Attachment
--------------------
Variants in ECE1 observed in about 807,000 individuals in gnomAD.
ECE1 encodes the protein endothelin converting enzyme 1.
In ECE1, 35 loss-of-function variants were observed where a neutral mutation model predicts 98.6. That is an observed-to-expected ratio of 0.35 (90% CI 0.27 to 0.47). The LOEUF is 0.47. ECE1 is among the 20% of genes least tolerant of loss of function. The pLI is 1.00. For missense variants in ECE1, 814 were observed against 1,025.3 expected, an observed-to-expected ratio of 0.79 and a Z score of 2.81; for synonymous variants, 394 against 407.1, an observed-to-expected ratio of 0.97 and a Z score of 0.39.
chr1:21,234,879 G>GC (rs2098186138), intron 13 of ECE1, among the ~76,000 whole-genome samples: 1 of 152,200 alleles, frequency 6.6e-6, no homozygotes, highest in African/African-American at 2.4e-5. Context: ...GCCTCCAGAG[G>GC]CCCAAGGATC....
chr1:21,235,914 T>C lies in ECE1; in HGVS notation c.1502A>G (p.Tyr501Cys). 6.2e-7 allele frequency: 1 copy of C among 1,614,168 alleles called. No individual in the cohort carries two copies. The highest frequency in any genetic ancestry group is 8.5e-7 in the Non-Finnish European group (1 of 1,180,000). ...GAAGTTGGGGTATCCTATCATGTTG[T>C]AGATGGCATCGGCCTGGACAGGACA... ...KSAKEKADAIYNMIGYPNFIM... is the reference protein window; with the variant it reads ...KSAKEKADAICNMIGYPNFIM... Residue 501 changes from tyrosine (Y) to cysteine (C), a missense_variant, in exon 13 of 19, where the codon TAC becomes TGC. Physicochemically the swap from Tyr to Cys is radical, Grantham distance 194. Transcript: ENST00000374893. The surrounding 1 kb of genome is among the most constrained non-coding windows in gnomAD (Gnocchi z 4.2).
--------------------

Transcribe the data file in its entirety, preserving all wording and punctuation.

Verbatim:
Variants in ECE1 observed in about 807,000 individuals in gnomAD.
ECE1 encodes the protein endothelin converting enzyme 1.
In ECE1, 35 loss-of-function variants were observed where a neutral mutation model predicts 98.6. That is an observed-to-expected ratio of 0.35 (90% CI 0.27 to 0.47). The LOEUF is 0.47. ECE1 is among the 20% of genes least tolerant of loss of function. The pLI is 1.00. For missense variants in ECE1, 814 were observed against 1,025.3 expected, an observed-to-expected ratio of 0.79 and a Z score of 2.81; for synonymous variants, 394 against 407.1, an observed-to-expected ratio of 0.97 and a Z score of 0.39.
chr1:21,234,879 G>GC (rs2098186138), intron 13 of ECE1, among the ~76,000 whole-genome samples: 1 of 152,200 alleles, frequency 6.6e-6, no homozygotes, highest in African/African-American at 2.4e-5. Context: ...GCCTCCAGAG[G>GC]CCCAAGGATC....
chr1:21,235,914 T>C lies in ECE1; in HGVS notation c.1502A>G (p.Tyr501Cys). 6.2e-7 allele frequency: 1 copy of C among 1,614,168 alleles called. No individual in the cohort carries two copies. The highest frequency in any genetic ancestry group is 8.5e-7 in the Non-Finnish European group (1 of 1,180,000). ...GAAGTTGGGGTATCCTATCATGTTG[T>C]AGATGGCATCGGCCTGGACAGGACA... ...KSAKEKADAIYNMIGYPNFIM... is the reference protein window; with the variant it reads ...KSAKEKADAICNMIGYPNFIM... Residue 501 changes from tyrosine (Y) to cysteine (C), a missense_variant, in exon 13 of 19, where the codon TAC becomes TGC. Physicochemically the swap from Tyr to Cys is radical, Grantham distance 194. Transcript: ENST00000374893. The surrounding 1 kb of genome is among the most constrained non-coding windows in gnomAD (Gnocchi z 4.2).